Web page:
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Windows Designer Bug when using ConnectionString in user control.

    質問

  • When adding a user control to a Windows Form, the designer throws the following error. 

    "The ConnectionString property has not been initialized."

     

    The control in question contains a DateTimePicker control that reads its value from the database. The control works properly at runtime.  It's just that the designer cannot resolve the connection string at design time and is preventing me from manipulating the control once one the form. 

     

    Ignoring the error just loads the form without the control in the designer view.  This is not helpful. 

     

    Is there a way to suppress this error in the designer?

    2008年2月5日 17:41

回答

  • No guys, what might really be happening here is the following:

     

    First of all, where is the connection string placed? I suppose it is in a configuration file correct? Possibly App.config...

     

    Well, when you retrieve a connection string that is located in the configuration of the application, say through the ConfigurationManager, this configuration file must reside in the same CodeBase of the Assembly being "executed". And guess what:

     

    When Visual Studio design-time magic begins, every time you drag and drop one of your User controls from the toolbox onto the designer surface, the current IDesignerHost of the IDesigner (or IRootDesigner) attached to your type is actually instantiating your User control type in its CreateComponent(Type) method. In short: this really means that the code (the very binaries, exe or dll's) are being loaded by the CLR upon Visual Studio request (in order to create you controls.) Visual Studio copies these binary files to a private, temporary folder in the Local Settings\Application Data\Microsoft\VisualStudio\ folder of the current user profile. But Visual Studio knows NOTHING about the possible configuration file that might be required for the control library (specially if it's a DLL, since there is no DLL configuration file architecture starndard in .NET -- there is an Application configuration architecture, but not a DLL configuration.) In any case, EXE or DLL, this config file is NOT copied to this temporary location.

     

    If during initialization of your User control, you are directly or indirectly depending on retrieving any information stored in the configuration of the application, say by binding to a data source from a database, for which you have stored the connection string the App.config file. It will obviously work at runtime (assuming the programmer is competent enough) but at design time, this config file does not get copied to the appropriate location by VS, and unless you place your connection string (or any other appSettings) in the machine configuration file, the returned connection string will be empty.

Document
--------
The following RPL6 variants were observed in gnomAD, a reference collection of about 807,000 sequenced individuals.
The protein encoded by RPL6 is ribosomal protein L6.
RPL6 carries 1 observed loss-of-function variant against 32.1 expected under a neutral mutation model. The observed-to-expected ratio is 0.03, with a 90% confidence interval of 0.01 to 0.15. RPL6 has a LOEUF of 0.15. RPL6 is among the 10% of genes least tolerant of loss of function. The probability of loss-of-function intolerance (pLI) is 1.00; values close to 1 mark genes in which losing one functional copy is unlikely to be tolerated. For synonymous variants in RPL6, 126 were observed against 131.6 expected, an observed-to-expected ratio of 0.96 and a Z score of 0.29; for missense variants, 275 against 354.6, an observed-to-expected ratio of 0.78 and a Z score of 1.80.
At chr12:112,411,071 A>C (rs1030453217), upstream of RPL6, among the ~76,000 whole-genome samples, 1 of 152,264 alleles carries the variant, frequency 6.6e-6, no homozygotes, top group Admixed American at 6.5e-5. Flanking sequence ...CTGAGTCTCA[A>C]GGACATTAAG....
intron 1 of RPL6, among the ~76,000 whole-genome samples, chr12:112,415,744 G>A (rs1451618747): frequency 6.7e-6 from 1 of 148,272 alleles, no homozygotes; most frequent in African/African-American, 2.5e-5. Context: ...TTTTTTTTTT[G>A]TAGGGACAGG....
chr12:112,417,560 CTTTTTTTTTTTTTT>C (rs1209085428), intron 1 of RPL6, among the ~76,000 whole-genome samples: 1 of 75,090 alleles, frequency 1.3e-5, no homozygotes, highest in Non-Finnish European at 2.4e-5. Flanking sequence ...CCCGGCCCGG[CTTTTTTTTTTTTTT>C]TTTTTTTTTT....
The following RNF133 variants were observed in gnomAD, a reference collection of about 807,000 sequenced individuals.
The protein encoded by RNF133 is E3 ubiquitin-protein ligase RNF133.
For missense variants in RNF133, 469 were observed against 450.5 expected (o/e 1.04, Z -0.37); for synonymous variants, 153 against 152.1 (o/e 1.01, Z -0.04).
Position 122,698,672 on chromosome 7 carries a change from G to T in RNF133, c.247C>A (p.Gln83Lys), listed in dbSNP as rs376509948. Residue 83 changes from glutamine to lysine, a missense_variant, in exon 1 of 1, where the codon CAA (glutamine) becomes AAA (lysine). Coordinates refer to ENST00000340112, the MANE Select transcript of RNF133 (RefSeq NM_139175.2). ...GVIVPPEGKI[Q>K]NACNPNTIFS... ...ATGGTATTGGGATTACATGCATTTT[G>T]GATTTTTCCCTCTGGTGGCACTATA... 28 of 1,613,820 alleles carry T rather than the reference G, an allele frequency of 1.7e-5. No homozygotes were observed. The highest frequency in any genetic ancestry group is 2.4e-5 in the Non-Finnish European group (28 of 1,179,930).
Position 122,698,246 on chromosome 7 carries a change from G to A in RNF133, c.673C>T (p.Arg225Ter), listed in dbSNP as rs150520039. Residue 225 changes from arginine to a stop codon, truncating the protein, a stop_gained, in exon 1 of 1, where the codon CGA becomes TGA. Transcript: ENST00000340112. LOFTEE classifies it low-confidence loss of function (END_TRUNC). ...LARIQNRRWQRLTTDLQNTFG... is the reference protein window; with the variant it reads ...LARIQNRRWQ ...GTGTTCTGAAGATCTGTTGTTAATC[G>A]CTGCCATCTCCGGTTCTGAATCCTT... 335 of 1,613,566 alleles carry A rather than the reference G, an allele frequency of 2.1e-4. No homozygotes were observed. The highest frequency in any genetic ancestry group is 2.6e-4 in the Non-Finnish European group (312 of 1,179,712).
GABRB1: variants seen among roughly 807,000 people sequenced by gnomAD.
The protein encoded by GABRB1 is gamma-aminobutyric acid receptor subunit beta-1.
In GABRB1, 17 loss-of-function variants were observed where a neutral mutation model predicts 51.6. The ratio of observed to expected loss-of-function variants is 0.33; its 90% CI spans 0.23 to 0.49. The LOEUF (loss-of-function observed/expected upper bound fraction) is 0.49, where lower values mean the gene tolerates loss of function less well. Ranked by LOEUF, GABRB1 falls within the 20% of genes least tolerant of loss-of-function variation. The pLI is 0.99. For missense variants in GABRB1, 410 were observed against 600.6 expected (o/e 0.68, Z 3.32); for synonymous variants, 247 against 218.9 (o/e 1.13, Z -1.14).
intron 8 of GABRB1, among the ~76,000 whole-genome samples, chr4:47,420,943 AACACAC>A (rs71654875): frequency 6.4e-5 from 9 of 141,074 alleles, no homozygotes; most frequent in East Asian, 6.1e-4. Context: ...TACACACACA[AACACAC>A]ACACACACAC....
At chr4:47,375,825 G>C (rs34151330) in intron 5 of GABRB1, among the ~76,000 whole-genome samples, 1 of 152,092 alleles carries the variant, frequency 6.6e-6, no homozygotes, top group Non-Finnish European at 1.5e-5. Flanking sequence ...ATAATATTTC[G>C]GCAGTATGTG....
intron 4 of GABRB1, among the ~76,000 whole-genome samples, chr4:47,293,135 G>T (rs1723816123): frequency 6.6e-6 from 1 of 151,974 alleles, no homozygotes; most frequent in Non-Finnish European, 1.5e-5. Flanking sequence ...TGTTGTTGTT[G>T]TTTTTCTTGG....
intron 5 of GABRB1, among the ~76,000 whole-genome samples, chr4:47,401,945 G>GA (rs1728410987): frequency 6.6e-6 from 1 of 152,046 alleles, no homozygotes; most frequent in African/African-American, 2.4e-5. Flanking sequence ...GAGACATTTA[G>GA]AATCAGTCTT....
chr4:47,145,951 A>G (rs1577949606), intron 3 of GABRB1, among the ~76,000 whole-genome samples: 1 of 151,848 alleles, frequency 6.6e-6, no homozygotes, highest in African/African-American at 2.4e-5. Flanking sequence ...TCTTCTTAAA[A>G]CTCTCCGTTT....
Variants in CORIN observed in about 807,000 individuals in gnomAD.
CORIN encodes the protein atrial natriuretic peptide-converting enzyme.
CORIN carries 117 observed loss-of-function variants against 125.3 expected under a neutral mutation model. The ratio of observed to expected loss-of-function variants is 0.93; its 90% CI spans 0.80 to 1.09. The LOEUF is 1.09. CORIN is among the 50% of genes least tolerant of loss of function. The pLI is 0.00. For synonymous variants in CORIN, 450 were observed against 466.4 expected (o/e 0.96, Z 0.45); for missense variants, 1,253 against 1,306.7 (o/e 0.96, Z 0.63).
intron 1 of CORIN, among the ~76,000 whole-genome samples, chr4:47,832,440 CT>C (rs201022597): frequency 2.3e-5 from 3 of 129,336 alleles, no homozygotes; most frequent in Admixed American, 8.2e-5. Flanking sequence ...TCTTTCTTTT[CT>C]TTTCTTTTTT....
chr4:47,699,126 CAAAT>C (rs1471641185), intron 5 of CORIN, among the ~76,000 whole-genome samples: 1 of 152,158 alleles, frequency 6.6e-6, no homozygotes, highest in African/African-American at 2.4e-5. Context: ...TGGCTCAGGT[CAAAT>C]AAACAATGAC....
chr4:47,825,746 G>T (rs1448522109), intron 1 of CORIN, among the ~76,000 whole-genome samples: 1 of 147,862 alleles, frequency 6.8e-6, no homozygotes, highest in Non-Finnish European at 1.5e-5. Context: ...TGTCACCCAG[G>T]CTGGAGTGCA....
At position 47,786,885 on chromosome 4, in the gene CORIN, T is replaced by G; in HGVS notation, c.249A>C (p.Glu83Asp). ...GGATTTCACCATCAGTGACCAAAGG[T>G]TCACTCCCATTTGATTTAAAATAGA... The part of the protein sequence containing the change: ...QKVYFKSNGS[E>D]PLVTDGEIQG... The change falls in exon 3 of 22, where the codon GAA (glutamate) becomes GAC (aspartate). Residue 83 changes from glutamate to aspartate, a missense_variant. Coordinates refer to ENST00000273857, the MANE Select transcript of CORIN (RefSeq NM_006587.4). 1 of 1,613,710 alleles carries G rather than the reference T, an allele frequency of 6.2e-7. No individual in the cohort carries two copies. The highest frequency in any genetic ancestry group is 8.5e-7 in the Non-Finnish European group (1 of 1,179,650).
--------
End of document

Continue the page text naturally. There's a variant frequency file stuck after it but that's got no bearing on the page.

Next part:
Try the following hint to help you see what I mean:

    Inside the contructor of your User control, and after the call to the InitializeComponent() method:

     

    Code Snippet

    public Contructor() {
        InitializeComponent();
        MessageBox.Show(this.GetType().Assembly.CodeBase);
    }

     

    Compile, and then drag and drop an instance of this User control type. You will see a message box with the crazy path of the executing assembly, which basically is one the ones you are building.

     

    Damiano: The way that you propose obviously makes sense, as you are aborting any possible error at contruction. That might be perfectly acceptable at desing time, but it didn't explain the underlying factor behind the problem.

     

    Oh, and by the way, it is NOT a bug of the Windows Forms Designer... (although, I could agree with you if what you are blaming is Visual Studio itself...)

     

    2008年2月10日 20:49

すべての返信

  • Well, it's better to debug the source code and find out what the actual problem is.

    Did you try to hide the exception in the menu "Debug - > Exceptions" ?

    Regards,

    Jacob
    2008年2月6日 7:53
  • I discovered the same problem, in my case it happened when inside the Cunstructor of my usercontrol I called the Fill method.

    I solved by put the Fill inside a try { }  catch { } block.

     

    after that the form with the usercontrol displayed correctly.

     

    I hope you solve your problem too, I lose a day to find this workaround.

     

    2008年2月10日 17:45
  • No guys, what might really be happening here is the following: